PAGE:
Parasitic vector-borne diseases (VBDs) represent nearly 20% of the global burden of infectious diseases. Moreover, the spread of VBDs is enhanced by global travel, urbanization, and climate change. Treatment of VBDs faces challenges due to limitations of existing drugs, as the potential for side effects in nontarget species raises significant environmental concerns. Consequently, considering environmental risks early in drug development processes is critically important. Here, we examine the environmental risk assessment process for veterinary medicinal products in the European Union and identify major gaps in the ecotoxicity data of these drugs. By highlighting the scarcity of ecotoxicological data for commonly used antiparasitic drugs, we stress the urgent need for considering the One Health concept. We advocate for employing predictive tools and nonanimal methodologies such as New Approach Methodologies at early stages of antiparasitic drug research and development. Furthermore, adopting progressive approaches to mitigate ecological risks requires the integration of nonstandard tests that account for real-world complexities and use environmentally relevant exposure scenarios. Such a strategy is vital for a sustainable drug development process as it adheres to the principles of One Health, ultimately contributing to a healthier and more sustainable world.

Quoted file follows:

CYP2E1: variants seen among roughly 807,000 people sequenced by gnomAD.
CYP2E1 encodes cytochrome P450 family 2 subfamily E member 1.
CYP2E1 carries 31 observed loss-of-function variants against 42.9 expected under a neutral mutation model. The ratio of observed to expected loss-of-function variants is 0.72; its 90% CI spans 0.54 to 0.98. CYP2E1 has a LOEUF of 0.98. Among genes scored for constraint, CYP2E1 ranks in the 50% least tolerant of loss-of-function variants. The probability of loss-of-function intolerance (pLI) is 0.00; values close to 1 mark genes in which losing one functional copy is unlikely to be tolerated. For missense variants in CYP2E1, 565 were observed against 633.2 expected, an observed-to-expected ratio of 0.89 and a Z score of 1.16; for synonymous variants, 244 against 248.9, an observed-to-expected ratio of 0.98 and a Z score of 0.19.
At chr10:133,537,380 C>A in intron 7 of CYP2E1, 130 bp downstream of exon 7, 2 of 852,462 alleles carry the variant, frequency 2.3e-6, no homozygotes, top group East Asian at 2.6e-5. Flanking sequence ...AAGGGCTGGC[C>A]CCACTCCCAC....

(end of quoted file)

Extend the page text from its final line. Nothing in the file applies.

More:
Original languageEnglish
Pages (from-to)1026-1033
Number of pages8
JournalACS Infectious Diseases
Issue number4
Publication statusPublished - 12 Apr 2024


  • Animals
  • Disease Vectors
  • Communicable Diseases/drug therapy
  • Vector Borne Diseases
  • Research
  • Drug Development


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